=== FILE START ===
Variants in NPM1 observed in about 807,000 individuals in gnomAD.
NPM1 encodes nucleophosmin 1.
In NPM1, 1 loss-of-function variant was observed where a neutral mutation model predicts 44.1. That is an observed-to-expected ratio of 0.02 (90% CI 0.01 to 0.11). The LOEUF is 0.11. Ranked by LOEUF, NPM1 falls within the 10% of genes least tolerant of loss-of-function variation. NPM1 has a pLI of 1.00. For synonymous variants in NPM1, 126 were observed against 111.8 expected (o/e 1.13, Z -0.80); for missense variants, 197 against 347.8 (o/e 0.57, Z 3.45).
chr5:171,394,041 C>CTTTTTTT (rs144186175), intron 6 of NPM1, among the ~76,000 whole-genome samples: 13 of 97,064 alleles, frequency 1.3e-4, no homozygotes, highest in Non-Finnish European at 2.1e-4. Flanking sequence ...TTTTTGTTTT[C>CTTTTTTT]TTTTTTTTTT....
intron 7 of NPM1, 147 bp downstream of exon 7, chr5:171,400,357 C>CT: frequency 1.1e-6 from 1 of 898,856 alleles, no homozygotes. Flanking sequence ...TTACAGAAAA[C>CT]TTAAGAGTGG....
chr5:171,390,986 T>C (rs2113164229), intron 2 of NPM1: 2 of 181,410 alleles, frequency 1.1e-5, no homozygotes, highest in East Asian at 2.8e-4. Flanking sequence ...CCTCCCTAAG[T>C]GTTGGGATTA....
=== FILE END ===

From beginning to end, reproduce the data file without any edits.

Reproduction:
Variants in NPM1 observed in about 807,000 individuals in gnomAD.
NPM1 encodes nucleophosmin 1.
In NPM1, 1 loss-of-function variant was observed where a neutral mutation model predicts 44.1. That is an observed-to-expected ratio of 0.02 (90% CI 0.01 to 0.11). The LOEUF is 0.11. Ranked by LOEUF, NPM1 falls within the 10% of genes least tolerant of loss-of-function variation. NPM1 has a pLI of 1.00. For synonymous variants in NPM1, 126 were observed against 111.8 expected (o/e 1.13, Z -0.80); for missense variants, 197 against 347.8 (o/e 0.57, Z 3.45).
chr5:171,394,041 C>CTTTTTTT (rs144186175), intron 6 of NPM1, among the ~76,000 whole-genome samples: 13 of 97,064 alleles, frequency 1.3e-4, no homozygotes, highest in Non-Finnish European at 2.1e-4. Flanking sequence ...TTTTTGTTTT[C>CTTTTTTT]TTTTTTTTTT....
intron 7 of NPM1, 147 bp downstream of exon 7, chr5:171,400,357 C>CT: frequency 1.1e-6 from 1 of 898,856 alleles, no homozygotes. Flanking sequence ...TTACAGAAAA[C>CT]TTAAGAGTGG....
chr5:171,390,986 T>C (rs2113164229), intron 2 of NPM1: 2 of 181,410 alleles, frequency 1.1e-5, no homozygotes, highest in East Asian at 2.8e-4. Flanking sequence ...CCTCCCTAAG[T>C]GTTGGGATTA....